With San Jose State’s 2016 class at capacity, the Spartans managed to find another player to complement next year’s team. College of Southern Idaho guard E.J. Boyce accepted a spot on the team and is expected to be on scholarship starting the 2017-18 season.
“Wojcik said the piece they are missing is a shooter,” Boyce said. “So he wants me to come in and provide the team with that skillset and that could really bring everything together and complete the team.”
Boyce will be the first Division I basketball player out of Rocky Mountain High School in Boise, Idaho. Out of high school, he held preferred walk-on offers to Utah, Utah State, Boise State and Nevada, but wanted the opportunity to earn a full scholarship. He spent the last two years at College of Southern Idaho, known for sending basketball players to the next level.
“My recruitment was a little tough,” Boyce explained. “I redshirted here at CSI last year and then coming off the redshirt year where I didn’t play any games, I came back and the second day of school I realized I had a stress fracture in my femur.”
Boyce missed a total of 13 weeks due to the injury.
“I missed all the open gyms and things where we had coaches watching so I missed out on exposure,” Boyce said. “I came back, probably a little earlier than I was supposed to, and it took me a while to get used to gameplay again. I hadn’t played a real game in over a year. I had to get used to that and get the feel back. Toward the last 10-15 games I started hitting a stride, got my confidence back and was shooting the ball really well. I got into the starting lineup and played 30-35 minutes per game.”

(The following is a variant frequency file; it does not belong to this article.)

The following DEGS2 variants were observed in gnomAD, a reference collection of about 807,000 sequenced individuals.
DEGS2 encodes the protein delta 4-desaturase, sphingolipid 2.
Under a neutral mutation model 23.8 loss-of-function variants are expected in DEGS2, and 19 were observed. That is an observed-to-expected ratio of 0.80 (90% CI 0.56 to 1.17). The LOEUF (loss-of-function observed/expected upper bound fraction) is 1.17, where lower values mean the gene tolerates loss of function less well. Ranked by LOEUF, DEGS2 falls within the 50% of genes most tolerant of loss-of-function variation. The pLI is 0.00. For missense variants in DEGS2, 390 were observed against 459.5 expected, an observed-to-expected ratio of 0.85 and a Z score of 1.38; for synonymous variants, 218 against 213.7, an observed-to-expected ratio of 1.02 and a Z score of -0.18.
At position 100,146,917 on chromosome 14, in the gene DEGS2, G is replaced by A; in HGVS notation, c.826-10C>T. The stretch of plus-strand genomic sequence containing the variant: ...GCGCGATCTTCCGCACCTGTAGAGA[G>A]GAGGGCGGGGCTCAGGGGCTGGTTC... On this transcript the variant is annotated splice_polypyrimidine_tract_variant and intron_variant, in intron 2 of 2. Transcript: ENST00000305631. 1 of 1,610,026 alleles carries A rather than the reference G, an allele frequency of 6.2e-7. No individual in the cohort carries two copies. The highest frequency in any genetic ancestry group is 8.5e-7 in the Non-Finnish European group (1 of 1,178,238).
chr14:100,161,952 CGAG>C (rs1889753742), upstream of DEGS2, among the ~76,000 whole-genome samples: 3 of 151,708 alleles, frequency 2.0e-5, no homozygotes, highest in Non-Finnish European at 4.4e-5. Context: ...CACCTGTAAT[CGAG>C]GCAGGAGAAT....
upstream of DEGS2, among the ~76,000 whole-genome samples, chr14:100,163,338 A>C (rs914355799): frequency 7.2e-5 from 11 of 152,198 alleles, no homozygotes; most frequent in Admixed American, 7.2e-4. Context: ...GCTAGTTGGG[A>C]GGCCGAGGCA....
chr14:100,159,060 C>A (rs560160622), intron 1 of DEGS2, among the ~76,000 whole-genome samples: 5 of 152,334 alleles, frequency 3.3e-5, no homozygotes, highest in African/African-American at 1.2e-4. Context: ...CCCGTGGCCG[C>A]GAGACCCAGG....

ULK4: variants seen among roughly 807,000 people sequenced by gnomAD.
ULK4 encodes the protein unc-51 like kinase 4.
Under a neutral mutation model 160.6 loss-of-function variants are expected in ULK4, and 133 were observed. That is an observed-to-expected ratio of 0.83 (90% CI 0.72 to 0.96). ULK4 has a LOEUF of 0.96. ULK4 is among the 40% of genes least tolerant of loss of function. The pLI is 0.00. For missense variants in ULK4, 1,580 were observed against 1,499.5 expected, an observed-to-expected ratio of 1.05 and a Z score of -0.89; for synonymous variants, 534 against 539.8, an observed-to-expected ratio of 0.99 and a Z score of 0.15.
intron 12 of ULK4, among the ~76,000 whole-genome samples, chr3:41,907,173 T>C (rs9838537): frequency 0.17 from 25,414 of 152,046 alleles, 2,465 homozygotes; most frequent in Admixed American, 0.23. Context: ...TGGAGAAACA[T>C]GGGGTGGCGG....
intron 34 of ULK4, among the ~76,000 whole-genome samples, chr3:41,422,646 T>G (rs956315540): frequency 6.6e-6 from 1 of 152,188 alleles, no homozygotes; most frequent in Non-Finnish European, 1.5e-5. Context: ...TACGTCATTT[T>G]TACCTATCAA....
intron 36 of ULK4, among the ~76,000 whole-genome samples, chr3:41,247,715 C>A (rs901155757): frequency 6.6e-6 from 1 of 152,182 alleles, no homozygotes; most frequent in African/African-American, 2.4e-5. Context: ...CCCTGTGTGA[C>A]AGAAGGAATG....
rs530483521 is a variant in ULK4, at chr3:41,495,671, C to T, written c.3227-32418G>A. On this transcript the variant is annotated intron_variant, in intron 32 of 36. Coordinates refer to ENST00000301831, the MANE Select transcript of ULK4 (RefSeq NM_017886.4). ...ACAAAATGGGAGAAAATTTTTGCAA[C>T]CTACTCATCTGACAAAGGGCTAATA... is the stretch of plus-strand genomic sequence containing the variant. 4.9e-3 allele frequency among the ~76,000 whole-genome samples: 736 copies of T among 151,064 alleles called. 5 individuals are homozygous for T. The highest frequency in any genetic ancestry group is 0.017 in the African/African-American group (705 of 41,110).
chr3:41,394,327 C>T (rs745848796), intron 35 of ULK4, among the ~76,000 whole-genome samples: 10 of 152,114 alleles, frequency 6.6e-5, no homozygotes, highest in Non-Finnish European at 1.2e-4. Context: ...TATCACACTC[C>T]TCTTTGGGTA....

With a short sample size, Boyce did attract interest from NAIA schools, but then a familiar face from San Jose State reached out to him.
“I know Coach Wojcik pretty well,” Boyce said. “He knows my mom and dad pretty well from when he was coaching at Boise State. My dad (was an assistant coach) at Boise State before him. They had a good relationship and I know he’s a great guy and a great coach. I already had a ton of respect for him, which played a big part.
“It felt like it was something I couldn’t pass up on,” Boyce said of SJSU. “It’s been a long journey to reach the Division I dream and I finally had the opportunity in front of me.”
San Jose State has already signed players to fill its three scholarship openings this offseason so Boyce has agreed to walk-on this upcoming season with the expectation of a scholarship afterword.
“Wojcik has been really good about believing in me,” Boyce said. “He said if I could make it work and handle it my first year, then he’d put me on scholarship for my second and third year and if anyone transfers or goes home and the scholarship becomes available, he’d be more than happy to give it to me.”
Boyce has not visited San Jose State himself, but has heard about it from his parents who spent a few days in San Jose. The trip was taken when his father, Ed Boyce, was in talks with Wojcik about a potential assistant coaching job years ago.
On the court Boyce is being brought in as a three-point shooting option to space the floor for the Spartans in 2016-17. Last season, San Jose State did not have any guards make more than 20 3-pointers on the season, while the team’s top three perimeter shooters were all forwards ranging from 37 to 52 3-pointers for the year.
“When I was in middle school and high school, I was extremely small, the only way I could survive was with shooting,” Boyce said. “That’s the one part of my game that’s always translated to the next level. That’s what I do and I feel I can really help a team stretch the defense, spread the floor and knock down some shots.”
Boyce now stands at 6-foot-2 and 180 lbs and will have three years to play three for the Spartans.
He is currently undecided on his major.
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